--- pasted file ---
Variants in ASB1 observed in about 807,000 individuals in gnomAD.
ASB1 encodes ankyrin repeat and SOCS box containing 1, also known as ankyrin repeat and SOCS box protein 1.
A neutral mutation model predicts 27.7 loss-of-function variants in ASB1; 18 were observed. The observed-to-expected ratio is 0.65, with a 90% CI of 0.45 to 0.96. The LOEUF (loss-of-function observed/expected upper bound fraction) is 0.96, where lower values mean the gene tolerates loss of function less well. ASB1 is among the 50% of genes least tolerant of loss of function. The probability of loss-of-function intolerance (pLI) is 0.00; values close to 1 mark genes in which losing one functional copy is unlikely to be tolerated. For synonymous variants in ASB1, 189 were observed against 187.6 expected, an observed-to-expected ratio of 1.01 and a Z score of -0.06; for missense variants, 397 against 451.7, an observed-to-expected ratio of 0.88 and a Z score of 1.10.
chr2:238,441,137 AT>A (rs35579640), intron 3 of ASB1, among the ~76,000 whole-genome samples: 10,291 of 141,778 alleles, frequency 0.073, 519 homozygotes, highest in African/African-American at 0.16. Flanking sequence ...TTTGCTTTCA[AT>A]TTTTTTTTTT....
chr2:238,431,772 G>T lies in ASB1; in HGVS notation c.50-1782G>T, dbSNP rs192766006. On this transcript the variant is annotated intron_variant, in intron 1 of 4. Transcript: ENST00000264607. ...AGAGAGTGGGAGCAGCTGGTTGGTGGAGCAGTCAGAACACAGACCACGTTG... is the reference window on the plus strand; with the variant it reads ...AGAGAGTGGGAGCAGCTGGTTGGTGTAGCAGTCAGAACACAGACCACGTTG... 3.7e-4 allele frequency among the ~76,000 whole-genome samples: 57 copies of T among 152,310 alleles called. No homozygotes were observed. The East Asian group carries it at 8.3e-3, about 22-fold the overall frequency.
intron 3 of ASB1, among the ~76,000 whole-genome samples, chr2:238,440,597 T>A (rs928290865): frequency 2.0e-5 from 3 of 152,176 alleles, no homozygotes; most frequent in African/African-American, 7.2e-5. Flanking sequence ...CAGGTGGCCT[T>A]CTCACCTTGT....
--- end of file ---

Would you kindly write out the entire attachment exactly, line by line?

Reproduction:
Variants in ASB1 observed in about 807,000 individuals in gnomAD.
ASB1 encodes ankyrin repeat and SOCS box containing 1, also known as ankyrin repeat and SOCS box protein 1.
A neutral mutation model predicts 27.7 loss-of-function variants in ASB1; 18 were observed. The observed-to-expected ratio is 0.65, with a 90% CI of 0.45 to 0.96. The LOEUF (loss-of-function observed/expected upper bound fraction) is 0.96, where lower values mean the gene tolerates loss of function less well. ASB1 is among the 50% of genes least tolerant of loss of function. The probability of loss-of-function intolerance (pLI) is 0.00; values close to 1 mark genes in which losing one functional copy is unlikely to be tolerated. For synonymous variants in ASB1, 189 were observed against 187.6 expected, an observed-to-expected ratio of 1.01 and a Z score of -0.06; for missense variants, 397 against 451.7, an observed-to-expected ratio of 0.88 and a Z score of 1.10.
chr2:238,441,137 AT>A (rs35579640), intron 3 of ASB1, among the ~76,000 whole-genome samples: 10,291 of 141,778 alleles, frequency 0.073, 519 homozygotes, highest in African/African-American at 0.16. Flanking sequence ...TTTGCTTTCA[AT>A]TTTTTTTTTT....
chr2:238,431,772 G>T lies in ASB1; in HGVS notation c.50-1782G>T, dbSNP rs192766006. On this transcript the variant is annotated intron_variant, in intron 1 of 4. Transcript: ENST00000264607. ...AGAGAGTGGGAGCAGCTGGTTGGTGGAGCAGTCAGAACACAGACCACGTTG... is the reference window on the plus strand; with the variant it reads ...AGAGAGTGGGAGCAGCTGGTTGGTGTAGCAGTCAGAACACAGACCACGTTG... 3.7e-4 allele frequency among the ~76,000 whole-genome samples: 57 copies of T among 152,310 alleles called. No homozygotes were observed. The East Asian group carries it at 8.3e-3, about 22-fold the overall frequency.
intron 3 of ASB1, among the ~76,000 whole-genome samples, chr2:238,440,597 T>A (rs928290865): frequency 2.0e-5 from 3 of 152,176 alleles, no homozygotes; most frequent in African/African-American, 7.2e-5. Flanking sequence ...CAGGTGGCCT[T>A]CTCACCTTGT....